What I find slightly more interesting and, given what I know about the political self-satisfaction of the class of people that can afford tickets to Hamilton, less likely to be noted outside of actual left or right circles, is what the decision to speak once necessarily implies about all the decisions not to speak. Every day, especially given both ticket prices and the nature of its audience and cultural appeal, Hamilton plays to an audience of neoliberals, militarists, wielders of economic power, beneficiaries of massive corporate corruption and economic and political inequality, people who exploit connections in a relatively closed circle of the rich and powerful, etc. And those are just the nights when Hillary Clinton catches the show! A substantial part of its consumer base and business model is brokers, corporate lawyers, legacy admits to the Ivy League, executives, managers, investors, media elites, and so on. Its audience base is people who can afford to complain about the help, or praise their nannies (who they may or may not pay well or legally), not the nannies themselves. No doubt the regular audience could do with a pointed extra-script lecture or two as well! But that would be bad for business, and disturb the audience-validating, as opposed to audience-challenging, function that is the essence of musical theater. None of this yet reaches Hamilton Inc.'s cozy relationship to President Obama, and the mutual benefits and ego-stroking that were involved in it. Maybe the PBS documentary cut this part out, but I don't recall the actors at the White House performance of Hamilton breaking script to say, "Mr. President, we, sir--we--can't help but notice that you have raided and deported the hell out of undocumented immigrants in record numbers. Also, what the [deleted] is up with the drones, or Syria, or...." I suppose that actually would have been seen as rude in people's eyes. But once you start picking and choosing your exceptions and special occasions, of course you are making a political statement, conscious or not, about all the morally complicit and dubious audiences you are happy to flatter, the number of questionable actions--deportations, assassinations, killings, etc.--you are willing to "normalize," and so on.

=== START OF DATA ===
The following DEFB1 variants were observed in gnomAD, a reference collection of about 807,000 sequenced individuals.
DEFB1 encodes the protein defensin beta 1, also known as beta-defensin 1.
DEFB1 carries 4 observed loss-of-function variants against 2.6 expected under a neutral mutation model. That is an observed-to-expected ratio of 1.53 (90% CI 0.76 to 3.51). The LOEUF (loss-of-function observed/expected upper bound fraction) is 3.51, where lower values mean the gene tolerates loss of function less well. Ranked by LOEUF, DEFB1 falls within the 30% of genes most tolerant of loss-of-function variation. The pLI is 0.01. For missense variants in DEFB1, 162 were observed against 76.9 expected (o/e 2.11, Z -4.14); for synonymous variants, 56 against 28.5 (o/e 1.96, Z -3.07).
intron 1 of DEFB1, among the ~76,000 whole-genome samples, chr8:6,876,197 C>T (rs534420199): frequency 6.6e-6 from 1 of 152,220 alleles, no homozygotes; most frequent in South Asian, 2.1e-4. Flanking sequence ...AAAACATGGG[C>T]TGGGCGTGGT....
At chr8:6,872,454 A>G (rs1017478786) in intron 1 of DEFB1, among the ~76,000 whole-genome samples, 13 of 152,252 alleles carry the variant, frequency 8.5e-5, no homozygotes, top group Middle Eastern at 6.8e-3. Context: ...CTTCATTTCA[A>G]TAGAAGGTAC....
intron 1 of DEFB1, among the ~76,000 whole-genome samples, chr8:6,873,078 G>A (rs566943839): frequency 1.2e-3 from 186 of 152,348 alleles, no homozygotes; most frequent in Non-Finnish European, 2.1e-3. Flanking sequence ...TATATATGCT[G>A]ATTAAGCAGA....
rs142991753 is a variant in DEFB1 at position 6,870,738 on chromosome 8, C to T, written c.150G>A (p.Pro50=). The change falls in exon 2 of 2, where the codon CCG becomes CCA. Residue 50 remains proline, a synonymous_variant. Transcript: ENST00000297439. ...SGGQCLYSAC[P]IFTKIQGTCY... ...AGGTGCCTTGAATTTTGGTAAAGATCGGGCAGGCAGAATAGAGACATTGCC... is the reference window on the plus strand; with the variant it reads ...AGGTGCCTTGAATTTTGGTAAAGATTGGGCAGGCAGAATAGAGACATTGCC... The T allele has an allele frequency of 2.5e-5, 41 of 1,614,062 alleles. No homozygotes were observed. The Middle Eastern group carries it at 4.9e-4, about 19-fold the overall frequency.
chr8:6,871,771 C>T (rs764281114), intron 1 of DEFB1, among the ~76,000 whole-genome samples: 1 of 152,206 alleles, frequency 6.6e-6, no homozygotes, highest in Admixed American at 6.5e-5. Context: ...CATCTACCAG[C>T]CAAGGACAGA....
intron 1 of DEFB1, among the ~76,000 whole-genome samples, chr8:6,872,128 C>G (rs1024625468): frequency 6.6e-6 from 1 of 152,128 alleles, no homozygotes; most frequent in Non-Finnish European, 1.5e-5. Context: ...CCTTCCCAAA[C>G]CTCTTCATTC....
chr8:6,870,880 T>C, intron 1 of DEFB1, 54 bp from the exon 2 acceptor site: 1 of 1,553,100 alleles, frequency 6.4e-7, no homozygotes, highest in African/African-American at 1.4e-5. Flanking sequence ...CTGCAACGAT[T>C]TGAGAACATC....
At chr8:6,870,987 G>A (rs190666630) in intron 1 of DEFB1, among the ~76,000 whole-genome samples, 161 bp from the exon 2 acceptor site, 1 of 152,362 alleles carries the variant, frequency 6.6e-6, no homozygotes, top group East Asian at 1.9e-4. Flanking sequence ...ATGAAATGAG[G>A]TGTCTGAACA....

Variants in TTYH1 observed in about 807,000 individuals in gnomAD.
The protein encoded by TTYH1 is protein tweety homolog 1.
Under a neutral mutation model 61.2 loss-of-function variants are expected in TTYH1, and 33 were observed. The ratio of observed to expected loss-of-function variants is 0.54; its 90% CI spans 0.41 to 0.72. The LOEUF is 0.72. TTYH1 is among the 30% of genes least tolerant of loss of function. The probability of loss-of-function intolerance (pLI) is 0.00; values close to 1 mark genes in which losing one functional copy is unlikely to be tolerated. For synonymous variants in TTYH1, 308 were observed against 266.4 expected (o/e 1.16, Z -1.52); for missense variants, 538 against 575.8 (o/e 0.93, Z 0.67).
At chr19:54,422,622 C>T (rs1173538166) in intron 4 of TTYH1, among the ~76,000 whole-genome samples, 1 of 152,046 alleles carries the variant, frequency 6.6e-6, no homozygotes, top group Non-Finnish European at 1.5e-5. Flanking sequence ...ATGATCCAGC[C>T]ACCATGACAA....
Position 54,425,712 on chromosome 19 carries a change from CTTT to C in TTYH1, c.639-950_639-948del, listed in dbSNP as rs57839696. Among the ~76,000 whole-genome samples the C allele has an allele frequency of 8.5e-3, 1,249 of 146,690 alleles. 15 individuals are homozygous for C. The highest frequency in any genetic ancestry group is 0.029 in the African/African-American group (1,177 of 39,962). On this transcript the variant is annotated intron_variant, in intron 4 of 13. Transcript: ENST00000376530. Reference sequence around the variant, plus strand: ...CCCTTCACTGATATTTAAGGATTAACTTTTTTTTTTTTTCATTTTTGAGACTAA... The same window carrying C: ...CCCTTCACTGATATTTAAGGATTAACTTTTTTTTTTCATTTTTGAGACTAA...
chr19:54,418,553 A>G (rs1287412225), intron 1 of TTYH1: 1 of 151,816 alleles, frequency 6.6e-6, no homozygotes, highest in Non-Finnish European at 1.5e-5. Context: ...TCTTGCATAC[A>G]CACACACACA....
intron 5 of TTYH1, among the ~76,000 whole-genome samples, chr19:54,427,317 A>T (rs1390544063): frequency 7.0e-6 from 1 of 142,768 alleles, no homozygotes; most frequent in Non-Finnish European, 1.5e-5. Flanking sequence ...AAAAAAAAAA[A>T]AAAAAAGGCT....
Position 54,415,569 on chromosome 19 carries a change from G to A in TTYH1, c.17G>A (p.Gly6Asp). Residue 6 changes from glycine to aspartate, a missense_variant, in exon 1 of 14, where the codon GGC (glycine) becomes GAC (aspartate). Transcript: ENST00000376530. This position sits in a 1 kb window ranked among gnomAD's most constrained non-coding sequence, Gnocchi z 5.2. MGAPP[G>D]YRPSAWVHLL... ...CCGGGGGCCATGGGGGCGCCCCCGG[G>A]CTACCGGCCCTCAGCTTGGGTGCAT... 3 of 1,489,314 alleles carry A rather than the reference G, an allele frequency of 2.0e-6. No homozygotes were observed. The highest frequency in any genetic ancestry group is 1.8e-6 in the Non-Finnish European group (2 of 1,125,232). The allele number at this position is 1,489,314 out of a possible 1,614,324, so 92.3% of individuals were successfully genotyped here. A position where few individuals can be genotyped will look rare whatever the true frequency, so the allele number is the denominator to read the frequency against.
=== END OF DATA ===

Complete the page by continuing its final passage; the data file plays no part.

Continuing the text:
Wednesday, November 23, 2016
By the patrons we fawn upon, we are known
An interesting perspective. One with which I agree but I have not seen aired elsewhere. From Another View of Hamilton's "Politics" by Paul Horwitz.